It is the first museum specialized in the history and urban and the built heritage of Al Madinah. The museum showcases the Islamic heritage and culture, as well as the city’s magnificent and substantial history since the Prophet’s first arrival in Al Madinah to the present day.
Luxor Temple is one of six ancient temples found in the vicinity of Luxor. It was built by Amenophis III for worshipping the gods Amun, Chons and Mut.
The Temple of Luxor is placed firmly on the tourist trail in Egypt, attracting many thousands of visitors each year. It is one of six ancient temples in and around the city of Luxor in Upper Egypt, in the area that was once home to the ancient city of Thebes. The temple was initially built for religious rites to the gods Amun, Chons and Mut.
One of the most awe-inspiring features at Luxor Temple is it imposing colonnade comprising a total of 14 columns that are topped with papyrus shaped capitals. Each column is roughly 23 meters high, with a circumference of around 10 meters. Both sides on the colonnade are enclosed with masonry walls that are covered with reliefs showing scenes relating to the festival of Opet. The colonnade, along with the decorated walls was completed during the reign of King Tutankhamun and King Horemheb.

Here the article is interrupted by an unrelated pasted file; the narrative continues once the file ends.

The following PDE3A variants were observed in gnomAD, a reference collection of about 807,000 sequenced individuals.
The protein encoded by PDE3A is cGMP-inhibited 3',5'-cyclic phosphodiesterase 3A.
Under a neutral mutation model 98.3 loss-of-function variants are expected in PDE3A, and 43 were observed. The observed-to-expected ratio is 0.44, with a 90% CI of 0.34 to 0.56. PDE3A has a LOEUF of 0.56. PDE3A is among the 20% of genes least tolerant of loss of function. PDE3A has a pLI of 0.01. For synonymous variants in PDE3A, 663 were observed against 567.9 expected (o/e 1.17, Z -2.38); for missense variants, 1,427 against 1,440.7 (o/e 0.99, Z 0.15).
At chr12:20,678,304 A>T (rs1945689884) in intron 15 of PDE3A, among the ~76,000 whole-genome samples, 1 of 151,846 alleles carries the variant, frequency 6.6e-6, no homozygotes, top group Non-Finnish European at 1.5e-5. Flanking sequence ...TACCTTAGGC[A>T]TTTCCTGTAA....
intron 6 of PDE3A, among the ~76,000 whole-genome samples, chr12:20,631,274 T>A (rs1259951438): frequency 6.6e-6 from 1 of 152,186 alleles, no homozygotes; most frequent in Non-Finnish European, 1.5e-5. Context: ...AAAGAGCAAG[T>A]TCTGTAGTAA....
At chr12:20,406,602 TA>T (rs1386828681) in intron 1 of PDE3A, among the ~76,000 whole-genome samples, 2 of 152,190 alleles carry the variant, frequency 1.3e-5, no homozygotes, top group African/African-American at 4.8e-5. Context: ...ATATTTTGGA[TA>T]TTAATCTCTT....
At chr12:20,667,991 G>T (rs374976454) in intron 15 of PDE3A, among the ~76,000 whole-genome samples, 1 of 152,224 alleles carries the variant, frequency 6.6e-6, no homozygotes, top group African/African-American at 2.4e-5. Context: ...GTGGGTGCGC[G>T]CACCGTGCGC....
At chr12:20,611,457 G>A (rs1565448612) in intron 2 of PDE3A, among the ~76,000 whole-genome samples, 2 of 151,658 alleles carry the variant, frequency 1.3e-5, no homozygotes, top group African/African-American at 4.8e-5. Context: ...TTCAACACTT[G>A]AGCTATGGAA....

The Luxor Museum is nowhere near as big as the Egyptian Museum in Cairo, but it was never meant to be, choosing instead to display quality rather than quantity.
The Museum of Luxor is located more or less right in the centre of Luxor, overlooking the Luxor west bank of the Nile River. Visitors who intend to visit the museum in shouldn’t expect to see anything along the lines of the Egyptian Museum in Cairo because the two places are quite literally worlds apart.
While the Museum of Egyptian Antiquities in Cairo is host to the world’s largest collection of Egyptian antiquities, Luxor Museum only has a relatively small collection, but it’s definitely worth visiting. When the museum was originally opened in 1975 there were no plans to house a massive collection of artefacts. Instead, the museum has a sort of “quality before quantity” policy.